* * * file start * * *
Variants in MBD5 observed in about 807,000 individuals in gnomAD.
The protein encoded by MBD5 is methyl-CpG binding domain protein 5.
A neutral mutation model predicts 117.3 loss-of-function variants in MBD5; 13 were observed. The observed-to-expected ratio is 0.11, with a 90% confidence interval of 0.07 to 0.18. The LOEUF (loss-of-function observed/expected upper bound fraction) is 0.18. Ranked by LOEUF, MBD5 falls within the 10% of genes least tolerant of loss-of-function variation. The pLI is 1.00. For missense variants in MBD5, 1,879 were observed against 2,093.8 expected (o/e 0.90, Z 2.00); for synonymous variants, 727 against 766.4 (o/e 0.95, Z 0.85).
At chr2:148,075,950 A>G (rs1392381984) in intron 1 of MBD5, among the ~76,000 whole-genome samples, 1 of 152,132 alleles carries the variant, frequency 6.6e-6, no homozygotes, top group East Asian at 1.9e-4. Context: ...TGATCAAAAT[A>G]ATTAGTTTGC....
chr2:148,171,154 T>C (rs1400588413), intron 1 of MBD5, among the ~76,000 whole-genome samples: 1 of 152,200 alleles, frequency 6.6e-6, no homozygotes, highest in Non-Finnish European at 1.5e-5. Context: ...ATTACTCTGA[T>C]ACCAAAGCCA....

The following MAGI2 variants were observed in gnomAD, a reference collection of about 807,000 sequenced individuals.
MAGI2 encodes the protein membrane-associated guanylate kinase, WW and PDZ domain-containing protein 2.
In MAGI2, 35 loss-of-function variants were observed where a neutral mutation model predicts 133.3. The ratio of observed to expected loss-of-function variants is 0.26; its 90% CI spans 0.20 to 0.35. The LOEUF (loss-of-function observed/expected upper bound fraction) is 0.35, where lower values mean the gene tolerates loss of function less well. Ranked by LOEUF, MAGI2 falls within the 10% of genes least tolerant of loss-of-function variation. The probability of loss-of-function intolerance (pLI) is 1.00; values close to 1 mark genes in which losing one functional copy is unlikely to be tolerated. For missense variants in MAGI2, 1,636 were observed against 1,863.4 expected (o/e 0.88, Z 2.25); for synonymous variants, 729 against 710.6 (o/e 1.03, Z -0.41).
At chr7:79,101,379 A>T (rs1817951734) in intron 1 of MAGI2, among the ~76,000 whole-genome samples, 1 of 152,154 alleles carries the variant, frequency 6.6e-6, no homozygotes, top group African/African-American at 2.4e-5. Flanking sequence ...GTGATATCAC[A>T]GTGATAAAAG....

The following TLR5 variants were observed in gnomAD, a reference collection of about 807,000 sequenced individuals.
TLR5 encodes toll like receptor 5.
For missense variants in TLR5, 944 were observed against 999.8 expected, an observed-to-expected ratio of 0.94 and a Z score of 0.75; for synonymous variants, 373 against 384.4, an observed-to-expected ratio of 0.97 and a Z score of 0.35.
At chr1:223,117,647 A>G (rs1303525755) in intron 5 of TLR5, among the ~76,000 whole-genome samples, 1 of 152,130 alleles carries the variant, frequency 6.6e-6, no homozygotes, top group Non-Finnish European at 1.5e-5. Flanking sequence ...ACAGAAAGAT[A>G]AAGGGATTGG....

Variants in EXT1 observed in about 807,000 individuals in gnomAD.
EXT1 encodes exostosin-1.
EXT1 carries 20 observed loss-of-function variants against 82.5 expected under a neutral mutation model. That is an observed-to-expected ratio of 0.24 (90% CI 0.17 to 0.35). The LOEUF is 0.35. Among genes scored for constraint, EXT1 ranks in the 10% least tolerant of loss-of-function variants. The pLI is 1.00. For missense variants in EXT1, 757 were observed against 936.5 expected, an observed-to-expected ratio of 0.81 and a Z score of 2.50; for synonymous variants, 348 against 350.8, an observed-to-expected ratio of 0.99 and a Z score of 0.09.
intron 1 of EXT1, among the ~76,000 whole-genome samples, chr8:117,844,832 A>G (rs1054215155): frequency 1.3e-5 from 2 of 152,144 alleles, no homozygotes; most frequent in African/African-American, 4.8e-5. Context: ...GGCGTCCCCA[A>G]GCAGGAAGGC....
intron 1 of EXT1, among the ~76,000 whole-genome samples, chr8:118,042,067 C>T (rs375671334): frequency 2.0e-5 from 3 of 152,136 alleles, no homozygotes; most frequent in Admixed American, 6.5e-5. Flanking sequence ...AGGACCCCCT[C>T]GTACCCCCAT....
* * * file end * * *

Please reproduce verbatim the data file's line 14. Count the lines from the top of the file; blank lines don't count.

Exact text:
Variants in EXT1 observed in about 807,000 individuals in gnomAD.